Aremu condoles with NUJ, calls for end to ‘road virus’

Comrade Issa Aremu, mni, General Secretary, NUTGTWN has called for an end to what he called the ‘road virus’ killing high and low level Nigerians through several  accidents.

Aremu made the call during a condolence  visit to the NUJ Kaduna State Council on the death of its former Treasurer and Secretary, Chief Dominic Uzu.Speaking during the visit, he said “I hereby formally commiserate with you on the death of former Treasurer and Secretary of Nigeria Union of Journalists (NUJ) Kaduna State Council, Chief Dominic Uzu, the sad event which occurred on Tuesday February 4, 2020 following a tragic fatal accident along Kaduna-Zaria Highway.

 He recalled that “Comrade Dominic Uzu was a tested Journalist. His tragic death was a great loss to the Nigeria Union of Journalists (NUJ) and his family and all of us his comrades and friends.  We all bear testimony to his tremendous achievements and contribution to the growth and development of NUJ in Kaduna State.

Aremu added that “The best way to mourn Comrade Dominic Uzu is to collectively put an end to cheap and callous wastage of human lives, (low or high alike) on our roads.  Tears are not just enough.  There is an urgent need to rebuild our roads and ensure safety rules are observed with a view of reducing accidents on our roads.  

He added, “Seeing the poor survivors and dependents of victims of roads accidents should make us change our perception of accident victims as mere statistics! In the case of Comrade Dominic Uzu he left a wife, 4 children and several relatives and several colleagues in NUJ. The point cannot be overemphasized: Accident victims are agonizing humans (mothers, fathers, sisters, brothers, bread winners,) with all the valued human relationships suddenly terminated on account of avoidable “accidents”. A visit to a typical emergency/casualty ward in our hospital shows that road accidents do as much violence as terrorism does. Sudden deaths of working journalists and Nigerians in general further point to crisis of road governance in Nigeria.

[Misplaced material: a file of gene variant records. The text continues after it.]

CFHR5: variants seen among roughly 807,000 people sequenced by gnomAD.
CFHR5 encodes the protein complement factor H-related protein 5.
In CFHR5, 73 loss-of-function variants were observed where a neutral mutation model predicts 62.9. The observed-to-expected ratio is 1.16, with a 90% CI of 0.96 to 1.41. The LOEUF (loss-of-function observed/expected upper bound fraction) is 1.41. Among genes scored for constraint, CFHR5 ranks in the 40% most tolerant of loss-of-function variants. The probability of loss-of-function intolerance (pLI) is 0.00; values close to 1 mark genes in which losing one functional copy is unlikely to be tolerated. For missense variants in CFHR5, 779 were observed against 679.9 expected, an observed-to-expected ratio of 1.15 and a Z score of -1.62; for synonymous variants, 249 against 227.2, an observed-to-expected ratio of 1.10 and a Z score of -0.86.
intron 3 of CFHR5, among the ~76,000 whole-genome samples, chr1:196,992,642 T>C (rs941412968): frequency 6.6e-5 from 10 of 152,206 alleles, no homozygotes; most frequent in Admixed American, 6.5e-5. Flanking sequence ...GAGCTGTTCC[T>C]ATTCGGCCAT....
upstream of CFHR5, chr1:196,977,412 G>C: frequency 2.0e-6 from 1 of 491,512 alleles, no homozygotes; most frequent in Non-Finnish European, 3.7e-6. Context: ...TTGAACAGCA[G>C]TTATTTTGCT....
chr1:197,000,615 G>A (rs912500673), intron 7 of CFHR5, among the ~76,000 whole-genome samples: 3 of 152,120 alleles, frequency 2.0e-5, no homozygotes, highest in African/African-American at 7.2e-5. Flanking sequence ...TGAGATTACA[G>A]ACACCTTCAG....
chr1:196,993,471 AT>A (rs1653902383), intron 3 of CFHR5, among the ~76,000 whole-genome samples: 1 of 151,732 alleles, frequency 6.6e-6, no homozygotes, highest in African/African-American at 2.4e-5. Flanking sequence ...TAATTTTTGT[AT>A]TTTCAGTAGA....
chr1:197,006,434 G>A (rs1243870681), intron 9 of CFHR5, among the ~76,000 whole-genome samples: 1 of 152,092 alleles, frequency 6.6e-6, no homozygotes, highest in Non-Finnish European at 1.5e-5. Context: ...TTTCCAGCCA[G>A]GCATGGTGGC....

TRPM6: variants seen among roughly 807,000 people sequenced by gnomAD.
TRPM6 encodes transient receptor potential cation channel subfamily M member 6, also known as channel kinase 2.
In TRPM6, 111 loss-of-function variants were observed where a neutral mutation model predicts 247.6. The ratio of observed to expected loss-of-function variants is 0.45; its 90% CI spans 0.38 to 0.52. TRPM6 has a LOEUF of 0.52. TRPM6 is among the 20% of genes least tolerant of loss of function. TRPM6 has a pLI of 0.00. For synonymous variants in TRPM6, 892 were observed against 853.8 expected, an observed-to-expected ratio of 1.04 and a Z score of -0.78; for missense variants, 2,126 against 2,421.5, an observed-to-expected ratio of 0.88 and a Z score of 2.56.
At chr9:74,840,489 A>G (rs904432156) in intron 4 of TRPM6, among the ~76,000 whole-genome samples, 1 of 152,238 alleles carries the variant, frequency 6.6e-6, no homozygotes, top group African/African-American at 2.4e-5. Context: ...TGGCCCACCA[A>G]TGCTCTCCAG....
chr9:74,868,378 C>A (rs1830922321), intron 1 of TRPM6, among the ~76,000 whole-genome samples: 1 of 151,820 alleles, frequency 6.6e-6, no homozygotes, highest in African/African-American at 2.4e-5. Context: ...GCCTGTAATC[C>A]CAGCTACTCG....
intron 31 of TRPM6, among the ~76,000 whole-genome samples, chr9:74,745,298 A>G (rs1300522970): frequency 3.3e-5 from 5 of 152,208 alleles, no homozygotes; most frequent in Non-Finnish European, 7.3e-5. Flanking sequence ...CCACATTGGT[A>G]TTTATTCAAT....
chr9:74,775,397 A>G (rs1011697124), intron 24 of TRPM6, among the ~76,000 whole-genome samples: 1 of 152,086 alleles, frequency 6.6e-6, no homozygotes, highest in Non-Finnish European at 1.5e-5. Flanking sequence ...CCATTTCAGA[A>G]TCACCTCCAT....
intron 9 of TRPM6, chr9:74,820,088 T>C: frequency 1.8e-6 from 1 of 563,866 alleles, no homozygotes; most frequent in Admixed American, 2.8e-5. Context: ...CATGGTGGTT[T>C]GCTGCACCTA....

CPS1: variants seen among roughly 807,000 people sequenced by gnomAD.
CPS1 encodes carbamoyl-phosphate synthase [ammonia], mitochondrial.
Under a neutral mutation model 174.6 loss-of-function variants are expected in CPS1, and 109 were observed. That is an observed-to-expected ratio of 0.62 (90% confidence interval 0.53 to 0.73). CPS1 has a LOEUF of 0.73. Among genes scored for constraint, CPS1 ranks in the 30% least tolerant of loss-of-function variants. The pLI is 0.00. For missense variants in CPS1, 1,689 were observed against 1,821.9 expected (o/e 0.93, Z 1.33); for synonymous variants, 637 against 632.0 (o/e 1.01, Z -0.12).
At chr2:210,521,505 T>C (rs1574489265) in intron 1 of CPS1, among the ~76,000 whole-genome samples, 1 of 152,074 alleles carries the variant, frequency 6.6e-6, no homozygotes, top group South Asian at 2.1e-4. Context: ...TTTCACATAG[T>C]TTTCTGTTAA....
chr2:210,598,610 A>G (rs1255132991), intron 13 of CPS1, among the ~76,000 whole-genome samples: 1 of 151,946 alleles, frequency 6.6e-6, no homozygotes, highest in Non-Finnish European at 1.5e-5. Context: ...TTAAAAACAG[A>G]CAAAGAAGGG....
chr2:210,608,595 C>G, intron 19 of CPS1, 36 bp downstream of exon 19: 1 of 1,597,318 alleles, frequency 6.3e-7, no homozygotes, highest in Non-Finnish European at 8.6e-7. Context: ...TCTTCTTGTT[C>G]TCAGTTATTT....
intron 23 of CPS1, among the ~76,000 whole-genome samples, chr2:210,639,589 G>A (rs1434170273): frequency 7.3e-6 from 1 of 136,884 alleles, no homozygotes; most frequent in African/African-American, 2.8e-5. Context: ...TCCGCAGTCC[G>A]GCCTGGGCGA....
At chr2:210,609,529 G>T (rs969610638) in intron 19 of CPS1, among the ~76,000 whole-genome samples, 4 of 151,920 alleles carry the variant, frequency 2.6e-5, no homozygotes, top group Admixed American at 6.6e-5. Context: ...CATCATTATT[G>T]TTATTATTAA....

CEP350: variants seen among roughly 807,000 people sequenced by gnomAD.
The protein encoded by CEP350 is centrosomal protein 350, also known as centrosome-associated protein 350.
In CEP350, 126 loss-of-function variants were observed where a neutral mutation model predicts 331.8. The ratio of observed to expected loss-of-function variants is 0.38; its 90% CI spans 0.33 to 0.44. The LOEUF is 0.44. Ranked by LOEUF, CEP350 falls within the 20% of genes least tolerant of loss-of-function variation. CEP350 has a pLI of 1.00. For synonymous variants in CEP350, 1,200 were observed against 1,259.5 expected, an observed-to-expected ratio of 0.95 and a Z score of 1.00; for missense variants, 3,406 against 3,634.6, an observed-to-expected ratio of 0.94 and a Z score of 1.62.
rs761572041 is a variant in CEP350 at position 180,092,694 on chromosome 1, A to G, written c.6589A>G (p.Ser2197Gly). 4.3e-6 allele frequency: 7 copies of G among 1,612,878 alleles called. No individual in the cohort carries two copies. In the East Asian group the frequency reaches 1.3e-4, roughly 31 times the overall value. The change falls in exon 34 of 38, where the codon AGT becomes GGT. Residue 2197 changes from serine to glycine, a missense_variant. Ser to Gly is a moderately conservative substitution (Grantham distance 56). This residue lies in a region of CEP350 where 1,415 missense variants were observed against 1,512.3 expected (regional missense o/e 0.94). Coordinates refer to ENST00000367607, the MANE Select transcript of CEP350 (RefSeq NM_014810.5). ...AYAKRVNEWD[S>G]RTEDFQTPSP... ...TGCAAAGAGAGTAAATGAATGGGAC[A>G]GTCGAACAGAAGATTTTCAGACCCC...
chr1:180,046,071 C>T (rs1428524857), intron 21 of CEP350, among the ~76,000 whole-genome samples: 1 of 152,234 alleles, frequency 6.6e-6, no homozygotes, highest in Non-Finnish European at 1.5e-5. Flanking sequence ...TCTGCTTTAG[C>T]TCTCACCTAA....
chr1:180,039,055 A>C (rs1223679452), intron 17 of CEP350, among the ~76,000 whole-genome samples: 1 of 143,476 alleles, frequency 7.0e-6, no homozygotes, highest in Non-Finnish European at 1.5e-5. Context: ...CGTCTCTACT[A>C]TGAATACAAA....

Put An End To Road Terrorism 

Aremu said, “Nigeria today qualifies as an unofficial global capital of “road accidents”. Every year, over 39,000 Nigerians die from road crashes. In the 2018 Global Status Report on Road Safety, the World Health Organization (WHO) estimated road traffic fatalities in Nigeria at 39,802, while the estimated rate per 100,000 deaths stood at 21.4. Nigeria losses more humans on road accidents than 11,310 deaths reported in Guinea, Liberia, and Sierra Leone due to Ebola epidemic!

“We must halt this road-terrorism, or better still road virus called accident. An accident is defined as happening “unexpected” or “unplanned”. But according to the Zaria Unit Commander, Federal Road Safety Corps (FRSC), Abubakar Murabus-Tata, the accident which killed Dominic was as a result of over-speeding, involving two vehicles, (a DAF truck and a Toyota Hiace commercial Bus) and bad road (potholes). Most  roads are unmotorable. Drivers are reckless and often our road safety officials are not on duty. When accidents prove addictive as they are in Nigeria, they are no more “accidental”. Addictive accidents mean incidents for which the governments at all levels must be held accountable.  These “accidents” are certainly not inevitable. It’s time President Muhammadu Buhari declared emergency on Federal roads. There must be a time  frame to fix all major highways and halt the ongoing road-murders.”